Mix like you would cake dough.  Let stand one hour and add enough flour to make stiff dough.  Let raise (sic) and use as needed.

Graham Cracker Dessert
(not a lot of measuring here!!)
1/2# marshmallows
1/2 cup thin cream
1/2# dates
1/2# graham crackers
1/2 cup nuts
           Mix thoroughly and roll and cool in ice box.  Cut and serve.

Eggless Milkless Cake 
(If memory serves me correctly, this might have come from the Depression years?)
1 cup brown sugar
1 cup water
1/2 box raisins
2 Tbls. butter or lard
1 tsp each of allspice, cinnamon and cloves.
          Boil slowly for 15 minutes.  When entirely cold, stir in 1 tsp soda dissolved in 1/3 cup water.  Add this to 2-1/2 cups flour and 1 heaping tsp flour which has been sifted three times ??   Last of all add 2 tsp vanilla and 1/2 cup nuts.  Bake slowly for one hour.

Mrs. Miller's Salad Dressing
3 eggs
1 Tbls flour
3 Tbls sugar
Pinch of salt
1 cup vinegar
1 cup water
1 small can Carnation milk.
Lump of butter.

           There's not a clue as to where to go from here......

G. Walrod's Salad Dressing
1 cup sugar
2 eggs, well beaten
1 Tbls flour, mixed with the sugar
1/2 cup sweet milk
Pinch of salt
1 Tbls mustard
1 Tbls butter or oil

Beat together.  When good and hot, add 3/4 cup vinegar (?).  Double boiler.
One would assume that the double boiler was used from the start!

There are a couple more recipes that I'm still trying to decipher before I tuck Blanche's labor of love into my files.  

           In our hurried lifestyles today where scheduling around work, various practices for the kids, and looking for a bit of personal time in our lives is a constant headache, there's a bit of charm (and certainly nostalgia) in looking back at a time when by a certain time in the afternoon, the homemaker tied her apron around her waist, gathered her ingredients, and began creating a home-cooked meal for her family.  Children and husband came into a house filled with the aromas of home cooking and the words "Wash your hands and get ready for dinner."  

           We certainly have a lot of conveniences today that they never dreamed of...a lot of them we wouldn't want to give up!  There is a bit of wistfulness sometimes in looking old handwritten cookbook seems to share that with us!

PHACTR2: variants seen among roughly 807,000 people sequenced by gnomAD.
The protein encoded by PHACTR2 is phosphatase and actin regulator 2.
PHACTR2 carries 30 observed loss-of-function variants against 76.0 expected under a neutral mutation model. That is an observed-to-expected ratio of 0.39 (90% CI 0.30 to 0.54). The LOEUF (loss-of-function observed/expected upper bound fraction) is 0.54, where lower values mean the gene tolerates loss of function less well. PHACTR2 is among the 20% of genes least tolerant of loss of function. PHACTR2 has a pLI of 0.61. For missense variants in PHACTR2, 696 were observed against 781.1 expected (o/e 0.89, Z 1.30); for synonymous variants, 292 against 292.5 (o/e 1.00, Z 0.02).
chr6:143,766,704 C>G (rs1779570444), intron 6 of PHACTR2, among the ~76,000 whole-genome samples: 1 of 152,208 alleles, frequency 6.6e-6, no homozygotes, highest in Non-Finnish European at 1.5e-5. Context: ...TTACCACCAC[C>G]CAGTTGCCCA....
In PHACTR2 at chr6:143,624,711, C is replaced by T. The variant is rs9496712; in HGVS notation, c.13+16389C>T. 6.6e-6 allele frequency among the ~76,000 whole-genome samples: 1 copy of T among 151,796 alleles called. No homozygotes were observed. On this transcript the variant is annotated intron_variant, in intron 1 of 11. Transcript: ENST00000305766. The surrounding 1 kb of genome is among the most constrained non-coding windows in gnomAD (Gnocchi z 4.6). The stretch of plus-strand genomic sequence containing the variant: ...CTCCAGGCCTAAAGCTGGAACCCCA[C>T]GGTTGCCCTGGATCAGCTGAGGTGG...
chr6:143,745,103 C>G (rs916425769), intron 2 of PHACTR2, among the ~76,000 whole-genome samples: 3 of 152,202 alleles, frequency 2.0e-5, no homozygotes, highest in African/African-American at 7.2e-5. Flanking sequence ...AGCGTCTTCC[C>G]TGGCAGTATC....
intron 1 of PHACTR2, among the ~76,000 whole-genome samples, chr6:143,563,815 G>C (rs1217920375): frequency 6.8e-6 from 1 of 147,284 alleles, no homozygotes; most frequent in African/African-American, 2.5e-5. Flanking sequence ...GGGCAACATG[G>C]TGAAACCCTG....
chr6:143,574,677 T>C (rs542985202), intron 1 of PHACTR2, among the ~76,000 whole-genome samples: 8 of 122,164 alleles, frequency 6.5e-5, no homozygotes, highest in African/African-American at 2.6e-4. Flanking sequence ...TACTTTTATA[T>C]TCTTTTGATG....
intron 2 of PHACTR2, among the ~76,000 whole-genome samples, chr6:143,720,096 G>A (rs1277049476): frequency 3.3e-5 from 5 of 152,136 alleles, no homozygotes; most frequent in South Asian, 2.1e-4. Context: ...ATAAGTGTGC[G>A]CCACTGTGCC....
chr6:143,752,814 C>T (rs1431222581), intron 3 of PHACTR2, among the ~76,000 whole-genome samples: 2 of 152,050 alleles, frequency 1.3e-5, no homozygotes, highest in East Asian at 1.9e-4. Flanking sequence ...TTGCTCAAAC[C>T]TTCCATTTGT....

I found the lower three pictures in some copies of "American Cookery" from the 1920's which I have listed in my store "The Vintage Bookworm."

Monday, July 16, 2012

For the Love of Blue Willow!

          First of all, let me be perfectly clear that I don't need anything else collectible to love!  As a matter of fact, I've been trying lately to ignore any auction or estate sale that might tempt me.   This just proves what I've suspected for some time...some collectibles will find you!
         This particular collection belonged to a great-great aunt in a family who needed help in finding new homes for quite a few items of blue willow that she particularly doted on.  She absolutely loved the pattern and tended to surround herself with whatever she found....that included even sheets and pillowcases, tea towels, some extraordinary table linens, and pieces of the china in just about any form.  It was an extensive collection.  
         Since my husband and I both love the fresh clean look of cobalt blue and white, we said...not a problem!   In fact you'll find it in lots of places throughout our home, so this would be a labor of love...of course!   

          It's been downhill from there.....

         Armed with a sort of inventory list from the family and tackling 2 huge bins, I found myself surrounded with more pieces than I could ever imagine!  Every surface in the living and dining room soon had stacks of china on them! 

         Should have known......

          I started by listing just a few "cute" pieces in one of my stores and immediately met a great collector!  The kitty cat planter turned out to be a "twin" of sorts!  Clay Calhoun had a bank that matched the planter...the two pieces were identical in style and I had a new friend!  Clay has been collecting for some time now and loves to find unique pieces.  (You'll want to look at his Facebook page..."My Blue Willow Collection" with his name and see some fascinating items!)  After perusing the list I sent him, he asked for pictures of other pieces...and we were off and running.  And my education has fast become a priority!  I've been finding out how much I didn't know!

          The biggest surprise came when I started researching for him what was called on the list a "trivet."  

          Looked like one.....
         Didn't even come close!  According to a very helpful blog (Nancy's Daily Dish), this is called a "mezannine", more commonly a "strainer" or a "drainer."   They were used in the bottoms of serving dishes to drain the juices from meats, etc!  Innovative and practical!  (Thank you, Nancy.)  The one I had fit the bottom of a deep serving dish, a tureen,  that had its own platter.  Now it's in Clay's collection.
   I've been taking pictures and listing a few items as I go; what's been listed so far is on      
     The clever little dachshund can be arranged as you wish and will hold nibbles or condiments and such!  
         Obviously blue willow has kept up with the times with an instant coffee canister and an electric coffee pot!  With what other things I've already researched there will be some fascinating finds to tell you about.  

         By the way, the queen-sized sheets and pillowcases are stunning!   Just thought I'd drop a hint.....